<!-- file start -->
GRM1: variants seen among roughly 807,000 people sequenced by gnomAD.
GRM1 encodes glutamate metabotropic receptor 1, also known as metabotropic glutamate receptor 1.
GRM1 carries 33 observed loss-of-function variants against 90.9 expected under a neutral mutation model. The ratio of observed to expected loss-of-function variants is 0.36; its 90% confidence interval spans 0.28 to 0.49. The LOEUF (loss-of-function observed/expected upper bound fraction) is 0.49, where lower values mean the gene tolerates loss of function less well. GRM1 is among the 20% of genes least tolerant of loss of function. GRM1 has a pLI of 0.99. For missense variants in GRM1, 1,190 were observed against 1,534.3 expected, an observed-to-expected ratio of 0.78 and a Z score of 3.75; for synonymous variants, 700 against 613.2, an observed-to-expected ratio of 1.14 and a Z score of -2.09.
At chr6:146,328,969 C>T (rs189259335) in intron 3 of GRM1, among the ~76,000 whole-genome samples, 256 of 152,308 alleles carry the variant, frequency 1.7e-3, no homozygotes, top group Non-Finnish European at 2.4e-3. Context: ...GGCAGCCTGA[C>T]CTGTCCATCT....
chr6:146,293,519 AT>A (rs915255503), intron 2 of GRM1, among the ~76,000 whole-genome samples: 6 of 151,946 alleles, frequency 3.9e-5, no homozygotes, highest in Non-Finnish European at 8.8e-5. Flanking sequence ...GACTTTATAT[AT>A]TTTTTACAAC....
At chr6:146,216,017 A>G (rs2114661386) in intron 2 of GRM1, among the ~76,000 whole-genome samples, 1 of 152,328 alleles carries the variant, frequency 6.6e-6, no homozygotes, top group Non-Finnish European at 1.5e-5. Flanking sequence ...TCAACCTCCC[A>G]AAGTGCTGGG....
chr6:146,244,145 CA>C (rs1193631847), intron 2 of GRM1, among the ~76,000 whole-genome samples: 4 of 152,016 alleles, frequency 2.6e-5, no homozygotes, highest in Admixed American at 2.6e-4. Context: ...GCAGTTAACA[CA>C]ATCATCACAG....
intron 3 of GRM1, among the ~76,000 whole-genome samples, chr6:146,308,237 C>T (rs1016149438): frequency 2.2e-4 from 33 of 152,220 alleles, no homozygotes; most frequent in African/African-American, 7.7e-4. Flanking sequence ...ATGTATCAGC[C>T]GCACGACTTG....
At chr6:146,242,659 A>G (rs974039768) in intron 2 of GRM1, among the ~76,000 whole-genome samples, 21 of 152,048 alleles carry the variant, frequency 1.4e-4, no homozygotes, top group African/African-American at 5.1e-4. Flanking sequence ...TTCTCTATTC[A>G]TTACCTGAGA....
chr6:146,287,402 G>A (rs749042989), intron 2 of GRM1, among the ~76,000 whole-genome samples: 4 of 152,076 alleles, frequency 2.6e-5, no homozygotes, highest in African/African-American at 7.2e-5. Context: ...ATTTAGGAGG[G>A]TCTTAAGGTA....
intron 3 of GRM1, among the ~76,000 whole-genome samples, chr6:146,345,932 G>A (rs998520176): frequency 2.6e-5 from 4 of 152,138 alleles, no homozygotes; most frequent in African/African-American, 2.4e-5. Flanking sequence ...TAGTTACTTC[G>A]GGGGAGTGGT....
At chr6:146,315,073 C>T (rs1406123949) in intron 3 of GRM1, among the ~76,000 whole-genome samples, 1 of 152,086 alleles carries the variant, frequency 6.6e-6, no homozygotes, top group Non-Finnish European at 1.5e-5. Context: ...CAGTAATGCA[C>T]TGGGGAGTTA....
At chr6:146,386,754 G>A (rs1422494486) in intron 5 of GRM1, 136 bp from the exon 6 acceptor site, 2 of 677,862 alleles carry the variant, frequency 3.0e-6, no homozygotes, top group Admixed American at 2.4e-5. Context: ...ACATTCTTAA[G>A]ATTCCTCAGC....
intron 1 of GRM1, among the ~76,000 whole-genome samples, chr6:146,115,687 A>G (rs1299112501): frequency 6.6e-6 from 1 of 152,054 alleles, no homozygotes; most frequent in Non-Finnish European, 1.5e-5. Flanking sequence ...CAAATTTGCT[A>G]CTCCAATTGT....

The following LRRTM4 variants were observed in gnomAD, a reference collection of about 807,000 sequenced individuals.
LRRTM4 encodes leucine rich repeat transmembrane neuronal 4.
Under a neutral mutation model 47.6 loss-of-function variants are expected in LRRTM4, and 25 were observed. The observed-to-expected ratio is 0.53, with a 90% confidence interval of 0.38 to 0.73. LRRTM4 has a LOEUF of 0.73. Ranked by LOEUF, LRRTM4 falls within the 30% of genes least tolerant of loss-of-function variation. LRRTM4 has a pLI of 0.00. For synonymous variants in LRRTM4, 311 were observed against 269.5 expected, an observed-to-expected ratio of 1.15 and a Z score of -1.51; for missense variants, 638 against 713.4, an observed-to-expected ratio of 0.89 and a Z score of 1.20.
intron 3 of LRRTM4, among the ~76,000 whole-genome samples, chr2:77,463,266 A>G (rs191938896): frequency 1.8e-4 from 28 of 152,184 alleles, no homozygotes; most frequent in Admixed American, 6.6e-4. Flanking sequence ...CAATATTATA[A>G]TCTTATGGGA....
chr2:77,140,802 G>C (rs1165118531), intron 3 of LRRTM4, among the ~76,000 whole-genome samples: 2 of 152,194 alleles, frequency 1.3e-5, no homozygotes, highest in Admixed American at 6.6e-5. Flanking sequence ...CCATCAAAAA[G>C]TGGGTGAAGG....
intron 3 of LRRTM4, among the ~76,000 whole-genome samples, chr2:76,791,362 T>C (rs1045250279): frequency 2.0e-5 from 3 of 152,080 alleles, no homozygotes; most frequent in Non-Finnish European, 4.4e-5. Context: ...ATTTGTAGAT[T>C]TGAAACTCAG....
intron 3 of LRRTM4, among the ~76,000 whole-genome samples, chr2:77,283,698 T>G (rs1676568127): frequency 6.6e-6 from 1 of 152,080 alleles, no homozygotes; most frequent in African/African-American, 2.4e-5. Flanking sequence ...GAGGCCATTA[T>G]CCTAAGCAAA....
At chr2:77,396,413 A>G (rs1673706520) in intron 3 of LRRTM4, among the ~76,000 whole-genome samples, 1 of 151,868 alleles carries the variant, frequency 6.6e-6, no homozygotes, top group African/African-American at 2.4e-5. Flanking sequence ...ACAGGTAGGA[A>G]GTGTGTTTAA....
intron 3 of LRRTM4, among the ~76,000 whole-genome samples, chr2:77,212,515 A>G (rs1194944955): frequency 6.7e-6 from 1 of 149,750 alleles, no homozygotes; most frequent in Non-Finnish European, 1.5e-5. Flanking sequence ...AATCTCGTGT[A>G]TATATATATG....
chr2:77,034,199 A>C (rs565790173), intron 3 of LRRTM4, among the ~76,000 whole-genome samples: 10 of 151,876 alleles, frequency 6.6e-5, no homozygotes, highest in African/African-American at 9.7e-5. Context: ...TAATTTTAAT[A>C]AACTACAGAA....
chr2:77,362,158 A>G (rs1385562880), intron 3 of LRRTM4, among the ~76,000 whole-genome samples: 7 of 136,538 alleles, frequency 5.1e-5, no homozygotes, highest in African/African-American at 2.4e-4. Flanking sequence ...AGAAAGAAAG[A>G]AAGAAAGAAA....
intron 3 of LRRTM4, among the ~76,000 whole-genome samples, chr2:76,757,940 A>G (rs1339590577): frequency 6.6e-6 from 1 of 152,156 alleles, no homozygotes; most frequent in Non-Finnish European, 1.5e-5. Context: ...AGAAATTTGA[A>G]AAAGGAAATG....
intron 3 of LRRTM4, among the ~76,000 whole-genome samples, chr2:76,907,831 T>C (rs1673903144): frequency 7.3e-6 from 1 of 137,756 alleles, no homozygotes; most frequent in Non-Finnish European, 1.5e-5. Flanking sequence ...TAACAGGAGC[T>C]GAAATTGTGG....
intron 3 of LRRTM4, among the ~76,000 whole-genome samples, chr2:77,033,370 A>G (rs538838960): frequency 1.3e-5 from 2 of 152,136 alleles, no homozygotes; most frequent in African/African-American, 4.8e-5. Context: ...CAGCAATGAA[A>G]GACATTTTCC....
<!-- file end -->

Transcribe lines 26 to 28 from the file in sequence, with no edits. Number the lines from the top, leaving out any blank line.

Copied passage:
intron 3 of LRRTM4, among the ~76,000 whole-genome samples, chr2:76,757,940 A>G (rs1339590577): frequency 6.6e-6 from 1 of 152,156 alleles, no homozygotes; most frequent in Non-Finnish European, 1.5e-5. Context: ...AGAAATTTGA[A>G]AAAGGAAATG....
intron 3 of LRRTM4, among the ~76,000 whole-genome samples, chr2:76,907,831 T>C (rs1673903144): frequency 7.3e-6 from 1 of 137,756 alleles, no homozygotes; most frequent in Non-Finnish European, 1.5e-5. Flanking sequence ...TAACAGGAGC[T>C]GAAATTGTGG....
intron 3 of LRRTM4, among the ~76,000 whole-genome samples, chr2:77,033,370 A>G (rs538838960): frequency 1.3e-5 from 2 of 152,136 alleles, no homozygotes; most frequent in African/African-American, 4.8e-5. Context: ...CAGCAATGAA[A>G]GACATTTTCC....